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PayPal 2FA bypass – how did *that* get past testing?

Discussion in 'BlackHat Lounge' started by The Scarlet Pimp, Oct 31, 2016.

  1. The Scarlet Pimp

    The Scarlet Pimp Senior Member

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    In a delightfully short and sweet technical article, UK security researcher Henry Hoggard recently reported on a PayPal authentication bug he found.

    He was paid a bounty by PayPal, and the hole is now closed, so revealing it doesn’t give away any security secrets that might still be abused...

    Here's what happened.

    Hoggard was trying to login to PayPal using its two-factor authentication (2FA) system.

    He couldn't receive his 2FA token via mobile phone, so he decided to use PayPal's "try another way" option to identify himself to the service.

    By using a proxy to monitor his own network traffic, Hoggard noticed that both the questions and the submitted answers were embedded into the URL used for logging in.

    Could a crook figure out how to submit correct answers?

    Hoggard quickly discovered that a crook could do just that, by simply removing the questions and the answers from the URL altogether.

    Lo and behold! Zero questions wrong out of zero questions asked, total errors zero, authentication approved.

    It's hard to believe that sort of attack got past testing, but apparently it did.

    In other words, the client decides which questions to ask, and a test with zero questions is treated as valid.

    Obviously, that's not right: the server asked the questions in the first place, so it doesn’t need to rely on the client to repeat the questions when it replies.

    One more thing is PayPal's awful choice of "security" questions.

    Pet's names are truly terrible choices for any sort of password, because the answers are usually easy to guess, or can be looked up on Facebook.

    And your birth hospital is an equally dreadful question, because you may not have one (if, like many people, you were born at home), you can never change it, and it's no one else's business, anyway.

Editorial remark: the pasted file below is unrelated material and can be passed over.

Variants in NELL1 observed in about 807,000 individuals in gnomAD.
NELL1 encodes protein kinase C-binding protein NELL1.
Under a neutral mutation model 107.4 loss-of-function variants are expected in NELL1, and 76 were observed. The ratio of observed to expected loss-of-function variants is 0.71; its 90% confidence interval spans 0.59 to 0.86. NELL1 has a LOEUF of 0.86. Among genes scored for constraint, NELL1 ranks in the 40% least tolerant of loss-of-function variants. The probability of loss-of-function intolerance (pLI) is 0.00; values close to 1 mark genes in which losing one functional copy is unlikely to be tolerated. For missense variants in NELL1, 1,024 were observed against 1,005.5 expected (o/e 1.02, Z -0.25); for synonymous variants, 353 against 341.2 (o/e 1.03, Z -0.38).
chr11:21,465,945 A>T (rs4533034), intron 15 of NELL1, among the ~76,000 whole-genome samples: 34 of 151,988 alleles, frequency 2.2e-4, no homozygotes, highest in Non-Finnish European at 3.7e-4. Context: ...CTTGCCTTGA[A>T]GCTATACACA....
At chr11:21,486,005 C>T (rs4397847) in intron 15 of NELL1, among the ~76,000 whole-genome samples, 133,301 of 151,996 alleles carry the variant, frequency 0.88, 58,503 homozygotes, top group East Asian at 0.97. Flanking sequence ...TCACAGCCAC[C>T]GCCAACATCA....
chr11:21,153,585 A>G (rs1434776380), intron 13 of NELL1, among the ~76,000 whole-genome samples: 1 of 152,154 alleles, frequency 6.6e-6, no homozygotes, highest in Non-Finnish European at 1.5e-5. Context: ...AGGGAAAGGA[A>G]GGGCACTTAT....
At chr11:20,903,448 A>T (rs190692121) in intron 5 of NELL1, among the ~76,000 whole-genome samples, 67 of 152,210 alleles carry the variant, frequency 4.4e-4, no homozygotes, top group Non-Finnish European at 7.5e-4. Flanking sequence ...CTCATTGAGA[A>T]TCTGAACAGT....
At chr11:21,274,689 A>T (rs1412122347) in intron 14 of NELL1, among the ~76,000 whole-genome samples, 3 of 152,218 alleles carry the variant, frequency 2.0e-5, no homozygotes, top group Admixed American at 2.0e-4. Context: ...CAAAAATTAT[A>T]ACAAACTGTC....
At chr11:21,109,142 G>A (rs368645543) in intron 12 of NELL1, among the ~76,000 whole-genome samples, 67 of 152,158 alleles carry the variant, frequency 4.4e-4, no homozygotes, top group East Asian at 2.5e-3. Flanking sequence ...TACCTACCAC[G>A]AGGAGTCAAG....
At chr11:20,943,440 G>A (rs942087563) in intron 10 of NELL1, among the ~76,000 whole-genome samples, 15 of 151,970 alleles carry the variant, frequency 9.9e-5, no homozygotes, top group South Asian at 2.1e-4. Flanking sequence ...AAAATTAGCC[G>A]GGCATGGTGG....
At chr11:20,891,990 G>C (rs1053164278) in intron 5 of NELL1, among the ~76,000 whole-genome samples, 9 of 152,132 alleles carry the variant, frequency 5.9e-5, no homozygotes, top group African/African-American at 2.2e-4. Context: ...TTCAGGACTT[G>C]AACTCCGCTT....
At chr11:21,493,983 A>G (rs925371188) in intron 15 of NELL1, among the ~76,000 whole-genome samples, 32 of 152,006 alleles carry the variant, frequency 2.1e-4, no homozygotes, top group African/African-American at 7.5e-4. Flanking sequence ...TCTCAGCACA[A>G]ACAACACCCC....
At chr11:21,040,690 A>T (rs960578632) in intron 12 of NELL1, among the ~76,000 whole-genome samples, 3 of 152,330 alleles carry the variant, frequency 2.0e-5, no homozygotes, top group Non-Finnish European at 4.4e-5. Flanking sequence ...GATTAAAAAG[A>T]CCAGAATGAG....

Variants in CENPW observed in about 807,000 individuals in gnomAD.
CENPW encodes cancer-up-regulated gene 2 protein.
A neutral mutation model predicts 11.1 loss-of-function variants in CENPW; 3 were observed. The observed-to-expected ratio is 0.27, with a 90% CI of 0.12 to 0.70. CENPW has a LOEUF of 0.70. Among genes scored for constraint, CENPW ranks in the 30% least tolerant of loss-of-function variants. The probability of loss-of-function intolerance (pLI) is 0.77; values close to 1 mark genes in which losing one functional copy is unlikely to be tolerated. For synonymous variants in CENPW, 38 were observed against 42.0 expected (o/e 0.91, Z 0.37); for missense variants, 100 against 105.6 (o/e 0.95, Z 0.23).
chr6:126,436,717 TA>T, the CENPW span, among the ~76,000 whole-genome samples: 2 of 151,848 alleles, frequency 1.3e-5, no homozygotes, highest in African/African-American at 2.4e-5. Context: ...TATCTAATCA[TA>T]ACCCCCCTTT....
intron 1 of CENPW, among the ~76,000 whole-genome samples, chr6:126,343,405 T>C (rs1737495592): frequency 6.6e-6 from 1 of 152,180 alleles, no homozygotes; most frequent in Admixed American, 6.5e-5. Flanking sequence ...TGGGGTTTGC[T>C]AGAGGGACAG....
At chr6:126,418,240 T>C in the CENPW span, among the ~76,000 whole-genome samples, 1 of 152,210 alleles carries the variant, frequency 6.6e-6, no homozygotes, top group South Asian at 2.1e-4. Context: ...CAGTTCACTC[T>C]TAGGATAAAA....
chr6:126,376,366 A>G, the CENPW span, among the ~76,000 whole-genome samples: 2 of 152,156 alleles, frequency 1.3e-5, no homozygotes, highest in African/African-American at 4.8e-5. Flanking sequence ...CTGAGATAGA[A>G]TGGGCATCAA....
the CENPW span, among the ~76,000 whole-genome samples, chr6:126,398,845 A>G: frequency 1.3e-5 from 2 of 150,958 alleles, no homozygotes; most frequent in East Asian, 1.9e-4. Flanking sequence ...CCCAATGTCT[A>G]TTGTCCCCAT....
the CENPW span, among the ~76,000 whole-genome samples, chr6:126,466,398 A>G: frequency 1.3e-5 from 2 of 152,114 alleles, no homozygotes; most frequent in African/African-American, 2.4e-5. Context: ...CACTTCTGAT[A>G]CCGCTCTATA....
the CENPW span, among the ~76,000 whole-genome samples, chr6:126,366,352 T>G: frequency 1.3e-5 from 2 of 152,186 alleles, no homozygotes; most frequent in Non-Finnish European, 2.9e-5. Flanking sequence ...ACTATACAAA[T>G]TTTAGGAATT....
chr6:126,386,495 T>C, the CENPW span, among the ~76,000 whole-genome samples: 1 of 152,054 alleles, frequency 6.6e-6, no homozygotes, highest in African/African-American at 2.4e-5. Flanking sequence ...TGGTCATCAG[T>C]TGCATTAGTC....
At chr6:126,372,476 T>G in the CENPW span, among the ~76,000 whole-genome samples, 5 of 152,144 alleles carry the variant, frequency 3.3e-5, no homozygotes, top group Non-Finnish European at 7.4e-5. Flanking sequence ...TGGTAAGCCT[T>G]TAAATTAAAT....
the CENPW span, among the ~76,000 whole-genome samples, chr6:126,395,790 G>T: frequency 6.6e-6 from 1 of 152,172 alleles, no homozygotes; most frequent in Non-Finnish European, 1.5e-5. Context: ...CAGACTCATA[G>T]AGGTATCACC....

So, we strongly recommend that you treat these so-called "security" questions like any password, and invent an answer that is unique and complex.

    In fact, if you use a password manager, let it choose an answer for you.

    PayPal won't know that you never actually had a rabbit called DDOAIXSWIWHLYFTRFQRPRTQORPABGVHC or a cat that answered to xEc1lnlanrpgLBdDUX3fIj7kX2rC.

    https://nakedsecurity.sophos.com/2016/10/28/paypal-2fa-bypass-how-did-that-get-past-testing/
     
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  2. Setox

    Setox Power Member

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    I have Nightmares . 99% are about paypal . That's why i always withdraw my Shit to my CC's .
     
  3. redarrow

    redarrow Elite Member

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    What cc you using pioneer not allowed no more any advive.

    The problam with huge system programming is it group all together with loads iof programmers so glitches are easy to forget.

    It a glitch someone forgot to fix a url secuity...
     
  4. Setox

    Setox Power Member

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    1 - Who said i'm using Payoneer .
    2- i don't understand .
    3- i didn't understand .
     
  5. jazzc

    jazzc Moderator Staff Member Moderator Jr. VIP

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    That's why we have a metric shit ton of "processes" for teams :) The error in this case was sheer stupidity, both from the team leader and the programmer who wrote that piece of code. The programmer because he had no real security understanding and the team leader for not figuring that out. And if we go further, clearly the QA team failed (but that's expected because who has security minded QA testers?) and I would venture to guess that they did not had an external security audit on that part. Security is a bitch.